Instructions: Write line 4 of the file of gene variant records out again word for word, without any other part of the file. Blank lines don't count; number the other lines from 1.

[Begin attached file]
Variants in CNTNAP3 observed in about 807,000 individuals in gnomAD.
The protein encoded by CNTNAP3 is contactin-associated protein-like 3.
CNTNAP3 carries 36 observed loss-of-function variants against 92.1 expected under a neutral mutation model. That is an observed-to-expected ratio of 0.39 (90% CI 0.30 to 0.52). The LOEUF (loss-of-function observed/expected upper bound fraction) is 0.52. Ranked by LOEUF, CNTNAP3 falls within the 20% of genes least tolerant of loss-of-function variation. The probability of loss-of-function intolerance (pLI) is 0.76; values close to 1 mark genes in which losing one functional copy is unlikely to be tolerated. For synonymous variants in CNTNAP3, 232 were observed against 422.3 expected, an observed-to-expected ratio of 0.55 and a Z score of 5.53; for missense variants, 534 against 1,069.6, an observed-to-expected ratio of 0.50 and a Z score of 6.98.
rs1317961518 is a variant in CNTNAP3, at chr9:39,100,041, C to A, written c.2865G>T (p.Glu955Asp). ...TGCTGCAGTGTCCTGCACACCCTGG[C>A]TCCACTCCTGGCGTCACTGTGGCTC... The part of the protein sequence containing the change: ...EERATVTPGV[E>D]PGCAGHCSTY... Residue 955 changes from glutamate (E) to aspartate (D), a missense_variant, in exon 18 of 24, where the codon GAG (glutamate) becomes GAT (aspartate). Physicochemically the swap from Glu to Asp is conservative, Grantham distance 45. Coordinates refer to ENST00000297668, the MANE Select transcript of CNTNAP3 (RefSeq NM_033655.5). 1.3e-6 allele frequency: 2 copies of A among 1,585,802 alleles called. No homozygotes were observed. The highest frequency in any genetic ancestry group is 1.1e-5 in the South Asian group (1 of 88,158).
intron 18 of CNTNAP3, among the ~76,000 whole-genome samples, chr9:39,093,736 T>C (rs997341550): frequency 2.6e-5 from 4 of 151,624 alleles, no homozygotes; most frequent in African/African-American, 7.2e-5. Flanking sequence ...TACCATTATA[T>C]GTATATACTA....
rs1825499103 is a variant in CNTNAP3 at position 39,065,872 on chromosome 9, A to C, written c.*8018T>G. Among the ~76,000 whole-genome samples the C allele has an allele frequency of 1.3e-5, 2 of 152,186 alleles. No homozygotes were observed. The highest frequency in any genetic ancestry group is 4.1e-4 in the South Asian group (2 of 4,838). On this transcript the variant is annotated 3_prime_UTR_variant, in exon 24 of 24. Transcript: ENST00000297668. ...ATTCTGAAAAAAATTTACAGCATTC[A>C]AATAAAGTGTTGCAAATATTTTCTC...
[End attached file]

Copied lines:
rs1317961518 is a variant in CNTNAP3, at chr9:39,100,041, C to A, written c.2865G>T (p.Glu955Asp). ...TGCTGCAGTGTCCTGCACACCCTGG[C>A]TCCACTCCTGGCGTCACTGTGGCTC... The part of the protein sequence containing the change: ...EERATVTPGV[E>D]PGCAGHCSTY... Residue 955 changes from glutamate (E) to aspartate (D), a missense_variant, in exon 18 of 24, where the codon GAG (glutamate) becomes GAT (aspartate). Physicochemically the swap from Glu to Asp is conservative, Grantham distance 45. Coordinates refer to ENST00000297668, the MANE Select transcript of CNTNAP3 (RefSeq NM_033655.5). 1.3e-6 allele frequency: 2 copies of A among 1,585,802 alleles called. No homozygotes were observed. The highest frequency in any genetic ancestry group is 1.1e-5 in the South Asian group (1 of 88,158).